W.B. Yeats; The first man in the Friend Zone? – Caitríona Murphy

Irish poet William Butler Yeats (1865 - 1939), circa 1910. (Photo by Hulton Archive/Getty Images)

William Butler Yeats (1865 – 1939), circa 1910.


“What you attain after you fail to impress a woman you’re attracted to. Usually initiated by the woman saying, “You’re such a good friend”. Usually associated with long days of suffering and watching your love interest hop from one bad relationship to another. Verb tense is “Friend-ed”

That is the definition of the friend zone from the Urban Dictionary. It’s common terminology thrown around by anyone under a certain age and with a working internet connection. Previously known as “unrequited love”. “Friend zone” doesn’t have the same aching, nostalgic (some would say romantic) connotations of unrequited love. Being shoved in the friend zone is funny, will draw sympathy and understanding; hell, Google it and you’ll get pages of memes on the subject. “Friend zone” suggests a somewhat comic, overdramatic situation that could possibly be rectified as easily and with as little fuss as a romantic comedy.

Unrequited love suggests the same person is wandering around in something flowing and white and writing morbid poetry while the object of their obsession blatantly ignores them. The friend zone is Taylor Swift. Unrequited love is Morrissey. (Possibly Nick Cave) Regardless, they amount to the same thing. Wanting someone who does not want you as a lover, but who would certainly like to be your friend.

When I think of this dire situation, I think of W.B. Yeats and his love, his tortured, unrequited, slightly obsessive love, for his muse Maud Gonne. Yeats wrote dozens of poems for her. To her. An ode, a plea, to consider him. What he could not convince her to do in conversation he attempted to do with his poetry. Apart from one proposal Maud accepted before hastily refuting hours later, she never returned his romantic feelings, but by all accounts kept him close enough that he was heavily involved in her life. This would be an ache too sweet for Yeats to free himself from; better to have some part of her life rather than have no part at all. I feel like Yeats knew he would never be her lover, as if some small part of him knew he would forever remain on the periphery of her life; admiring her but always from a distance. Consider “When You Are Old”- “How many loved your moments of glad grace/and loved your beauty with love false or true; /But one man loved the pilgrim soul in you, /and loved the sorrows of your changing face.” Yeats always considered himself Maud’s lover, undeterred by her rebuttals; the love he could not give her was real nonetheless. Yeats was committed to his love of Gonne and nurtured it, letting the pain of it fuel his work “I had a beautiful friend /and dreamed that the old despair /would end in love in the end “The Lover Mourns for the Loss of Love”. The reader can sense Yeats’ changing moods throughout the course of his work; the optimistic, breathless praise of Gonne’s beauty in his earlier poetry giving way to undeniable bitterness and perhaps some resentment in later work. One of my favourite poems, “He Wishes for the Cloths of Heaven” is heavy with wistfulness and self-awareness yet it is not depressing; rather it is a dreamy, sentimental ode to longing. Yeats knows he is poor, that materially (or perhaps politically) he has little to offer the impressive and impulsive Maud.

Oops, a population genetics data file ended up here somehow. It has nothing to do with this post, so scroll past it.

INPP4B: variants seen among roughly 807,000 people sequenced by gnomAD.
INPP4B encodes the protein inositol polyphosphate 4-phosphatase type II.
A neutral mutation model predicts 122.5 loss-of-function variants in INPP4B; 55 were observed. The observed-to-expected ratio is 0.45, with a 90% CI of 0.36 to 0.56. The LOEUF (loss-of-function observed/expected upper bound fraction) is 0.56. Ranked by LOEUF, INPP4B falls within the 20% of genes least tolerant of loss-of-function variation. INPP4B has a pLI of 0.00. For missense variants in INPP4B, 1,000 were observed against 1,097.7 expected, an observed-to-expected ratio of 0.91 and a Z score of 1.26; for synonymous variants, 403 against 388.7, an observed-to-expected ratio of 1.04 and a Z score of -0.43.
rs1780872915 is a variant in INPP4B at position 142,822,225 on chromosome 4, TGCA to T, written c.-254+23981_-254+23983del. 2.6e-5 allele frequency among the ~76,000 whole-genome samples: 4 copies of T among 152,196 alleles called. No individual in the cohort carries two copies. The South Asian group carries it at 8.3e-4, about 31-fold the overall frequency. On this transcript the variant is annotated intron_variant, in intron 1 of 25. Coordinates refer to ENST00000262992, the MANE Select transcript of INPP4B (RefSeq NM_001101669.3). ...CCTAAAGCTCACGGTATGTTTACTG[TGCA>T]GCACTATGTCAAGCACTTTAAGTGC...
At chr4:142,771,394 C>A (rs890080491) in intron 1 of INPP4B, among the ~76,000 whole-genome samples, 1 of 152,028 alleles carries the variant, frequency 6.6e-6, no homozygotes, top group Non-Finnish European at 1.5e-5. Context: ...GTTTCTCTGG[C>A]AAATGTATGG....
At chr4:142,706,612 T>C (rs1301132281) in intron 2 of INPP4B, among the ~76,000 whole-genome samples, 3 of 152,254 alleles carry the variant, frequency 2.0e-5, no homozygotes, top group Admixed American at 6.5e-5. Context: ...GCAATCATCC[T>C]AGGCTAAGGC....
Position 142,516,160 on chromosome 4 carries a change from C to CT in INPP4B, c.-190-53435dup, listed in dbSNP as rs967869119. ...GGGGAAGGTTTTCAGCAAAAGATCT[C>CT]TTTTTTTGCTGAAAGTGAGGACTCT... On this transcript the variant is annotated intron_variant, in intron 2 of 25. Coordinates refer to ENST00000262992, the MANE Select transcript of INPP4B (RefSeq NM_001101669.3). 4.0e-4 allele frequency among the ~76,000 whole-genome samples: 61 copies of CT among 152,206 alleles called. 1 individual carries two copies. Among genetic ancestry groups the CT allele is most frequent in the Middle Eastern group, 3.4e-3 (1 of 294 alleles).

As the years moved by and Yeats had proposed and been rejected over and over by Gonne, there is an understandable note of animosity and even a feeling of passive aggression that begins to permeate his work. “Why should I blame her that she filled my days /with misery” (No Second Troy). Yeats moved from moody animosity to full on hostility in Never Give All The Heart “Never give all the heart, for love/Will hardly seem worth thinking of/To passionate women if it seem/Certain, and they never dream/That it fades out from kiss to kiss;/For everything that’s lovely is/But a brief, dreamy, However dark Yeats’ work can be, there is still much for the romantics to enjoy; the luscious pining and aches to be indulged and sighed over. Yeats’ poems, written in the midst of his obsession with Gonne, are a joy for anyone to read, but in this day we live in, where the sting of unrequited love has been dulled with silly terms such as “friend zone”, they are an ally, a comfort for the honeyed torment that comes with longing for the that unreciprocated. Although nothing amorous ever came from Yeats’ utopian longing, I don’t think he would have changed it, even if he could. As Nietzsche put it; “”indispensable…to the lover is his unrequited love, which he would at no price relinquish for a state of indifference”

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